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decimal places. This tells you the number of decimal places in the answer. For example, the Mr of NO is 14.0 + 16.0 = 30.0. When multiplying or dividing numbers, it is the number of significant figures that is important. Decide which number in the calculation has the least number of significant figures. This tells you the least number of significant figures in the answer. For example, the number of moles of carbon in 14.20 g = 14.2 = 1.183333 12.0 but the answer should be quoted to only three significant figures: 1.18 Remember that exact numbers (whole numbers) are just that, and so do not affect the number of significant figures. calculate the mean as: = (0.30 x 5) + (0.35 x 3) + (0.38 x 6) + (0.40 x 2) (5 + 3 + 6 + 2) = 1.50 + 1.05 + 2.28 + 0.80 16 = 5.63 16 = 0.351875 However, since the original mass recordings had only 2 significant figures, we express the average mass to 2 significant figures, namely 0.35 g.

Rearranging Equations
In solving chemistry problems, it is often necessary to rearrange an equation to give an expression for one of the terms. A fundamental rule is to make sure that what you do to one side of the equation, you also do to the other. For example, if you want to make T the subject of the equation: pV = nRT you must divide both sides of the equation by n and R: pV = nRT nR nR Since nR = 1, cancelling out gives: nR T = pV nR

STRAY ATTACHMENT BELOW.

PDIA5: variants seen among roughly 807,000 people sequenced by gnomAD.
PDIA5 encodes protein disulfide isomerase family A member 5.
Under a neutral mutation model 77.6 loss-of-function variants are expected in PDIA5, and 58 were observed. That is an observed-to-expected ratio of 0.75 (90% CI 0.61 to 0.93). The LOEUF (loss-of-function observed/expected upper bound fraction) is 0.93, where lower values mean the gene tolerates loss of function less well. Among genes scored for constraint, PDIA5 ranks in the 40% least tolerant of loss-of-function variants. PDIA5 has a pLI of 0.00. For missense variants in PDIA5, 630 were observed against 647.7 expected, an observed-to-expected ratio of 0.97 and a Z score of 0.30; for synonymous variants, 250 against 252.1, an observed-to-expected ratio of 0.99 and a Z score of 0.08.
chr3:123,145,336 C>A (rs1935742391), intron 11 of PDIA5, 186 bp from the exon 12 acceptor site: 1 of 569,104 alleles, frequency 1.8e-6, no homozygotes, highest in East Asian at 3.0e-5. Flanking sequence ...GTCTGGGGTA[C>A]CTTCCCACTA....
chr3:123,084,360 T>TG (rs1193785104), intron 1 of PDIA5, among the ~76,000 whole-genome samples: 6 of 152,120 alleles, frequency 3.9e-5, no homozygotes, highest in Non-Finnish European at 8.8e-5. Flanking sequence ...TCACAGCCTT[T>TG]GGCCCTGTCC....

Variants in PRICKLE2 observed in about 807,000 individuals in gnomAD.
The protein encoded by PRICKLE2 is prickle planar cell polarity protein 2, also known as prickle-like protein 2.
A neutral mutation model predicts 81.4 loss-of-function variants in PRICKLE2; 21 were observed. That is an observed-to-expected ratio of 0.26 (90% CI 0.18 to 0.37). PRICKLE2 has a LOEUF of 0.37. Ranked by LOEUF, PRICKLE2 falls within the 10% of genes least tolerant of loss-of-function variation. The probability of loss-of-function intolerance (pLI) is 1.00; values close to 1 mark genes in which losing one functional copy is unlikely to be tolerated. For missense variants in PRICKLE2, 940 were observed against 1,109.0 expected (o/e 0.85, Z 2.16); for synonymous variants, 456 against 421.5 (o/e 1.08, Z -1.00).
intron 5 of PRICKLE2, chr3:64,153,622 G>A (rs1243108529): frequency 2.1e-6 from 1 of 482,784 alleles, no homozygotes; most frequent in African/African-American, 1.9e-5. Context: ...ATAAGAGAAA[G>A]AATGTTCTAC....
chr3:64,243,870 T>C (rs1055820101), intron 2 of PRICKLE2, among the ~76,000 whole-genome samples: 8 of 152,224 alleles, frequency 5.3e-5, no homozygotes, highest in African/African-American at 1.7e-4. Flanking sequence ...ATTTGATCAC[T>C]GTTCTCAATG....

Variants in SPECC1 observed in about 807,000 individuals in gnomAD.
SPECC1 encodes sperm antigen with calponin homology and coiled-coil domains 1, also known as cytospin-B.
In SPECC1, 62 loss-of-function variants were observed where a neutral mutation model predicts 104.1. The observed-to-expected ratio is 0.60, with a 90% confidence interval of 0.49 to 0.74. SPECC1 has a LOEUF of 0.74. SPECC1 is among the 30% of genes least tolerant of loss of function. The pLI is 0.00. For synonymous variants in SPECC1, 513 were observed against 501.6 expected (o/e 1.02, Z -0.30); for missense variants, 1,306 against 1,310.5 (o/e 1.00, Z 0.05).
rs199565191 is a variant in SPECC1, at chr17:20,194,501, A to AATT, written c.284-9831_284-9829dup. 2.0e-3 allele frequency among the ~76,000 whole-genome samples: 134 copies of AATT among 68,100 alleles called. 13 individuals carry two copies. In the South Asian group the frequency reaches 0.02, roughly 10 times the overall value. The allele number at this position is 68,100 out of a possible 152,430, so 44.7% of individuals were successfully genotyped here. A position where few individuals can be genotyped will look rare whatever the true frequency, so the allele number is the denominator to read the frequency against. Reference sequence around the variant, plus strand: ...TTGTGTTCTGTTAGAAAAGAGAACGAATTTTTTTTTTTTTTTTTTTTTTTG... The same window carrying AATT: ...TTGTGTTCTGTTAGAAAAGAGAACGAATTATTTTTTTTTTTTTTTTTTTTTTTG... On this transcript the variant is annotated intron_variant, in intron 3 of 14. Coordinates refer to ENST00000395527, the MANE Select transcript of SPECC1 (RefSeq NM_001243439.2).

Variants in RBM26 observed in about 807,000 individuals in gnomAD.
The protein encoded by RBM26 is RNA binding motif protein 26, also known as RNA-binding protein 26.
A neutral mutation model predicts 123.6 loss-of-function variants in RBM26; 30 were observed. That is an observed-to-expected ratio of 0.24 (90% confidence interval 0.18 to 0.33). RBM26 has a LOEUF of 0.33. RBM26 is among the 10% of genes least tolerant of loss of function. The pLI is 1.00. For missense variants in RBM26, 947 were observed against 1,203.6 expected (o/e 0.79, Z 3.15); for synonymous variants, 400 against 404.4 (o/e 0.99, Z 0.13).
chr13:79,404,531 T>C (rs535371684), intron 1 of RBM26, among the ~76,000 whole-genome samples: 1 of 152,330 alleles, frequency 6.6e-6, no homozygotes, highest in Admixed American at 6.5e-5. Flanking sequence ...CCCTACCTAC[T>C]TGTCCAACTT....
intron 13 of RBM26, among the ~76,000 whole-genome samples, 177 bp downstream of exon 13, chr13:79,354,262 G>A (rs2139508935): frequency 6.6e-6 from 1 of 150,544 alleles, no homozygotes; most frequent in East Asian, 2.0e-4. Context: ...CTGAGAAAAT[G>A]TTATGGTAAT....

Arithmetic Mean
In chemistry experiments, for example in titrations, we often quote an average value from several measurements. The correct term for an average value is the arithmetic mean. The arithmetic mean is given by the equation: x n x means the sum of all the xs. The arithmetic mean of 23.53, 23.54, 23.51, 23.52, 23.55 = 23.53 + 23.54 + 23.51 + 23.52 + 23.55 5 = 23.53 Tables that include frequencies of values are useful when calculating an arithmetic mean. For example, the table records masses for 16 samples of copper(II) oxide, with the frequency of each mass. Mass of copper(II) oxide sample (g) 0.30 0.35 0.38 0.40 Frequency 5 3 6 2

Algebra for Solving Problems

Equations are often used in chemistry to model problems. There are three stages to solving problems this way. First you should set out the problem in terms of variables. For example, you are told that the mass of a crucible is 12 g and it contains two substances, where mass x of substance X is twice mass y of substance Y. We can

Instead of adding 16 values, we can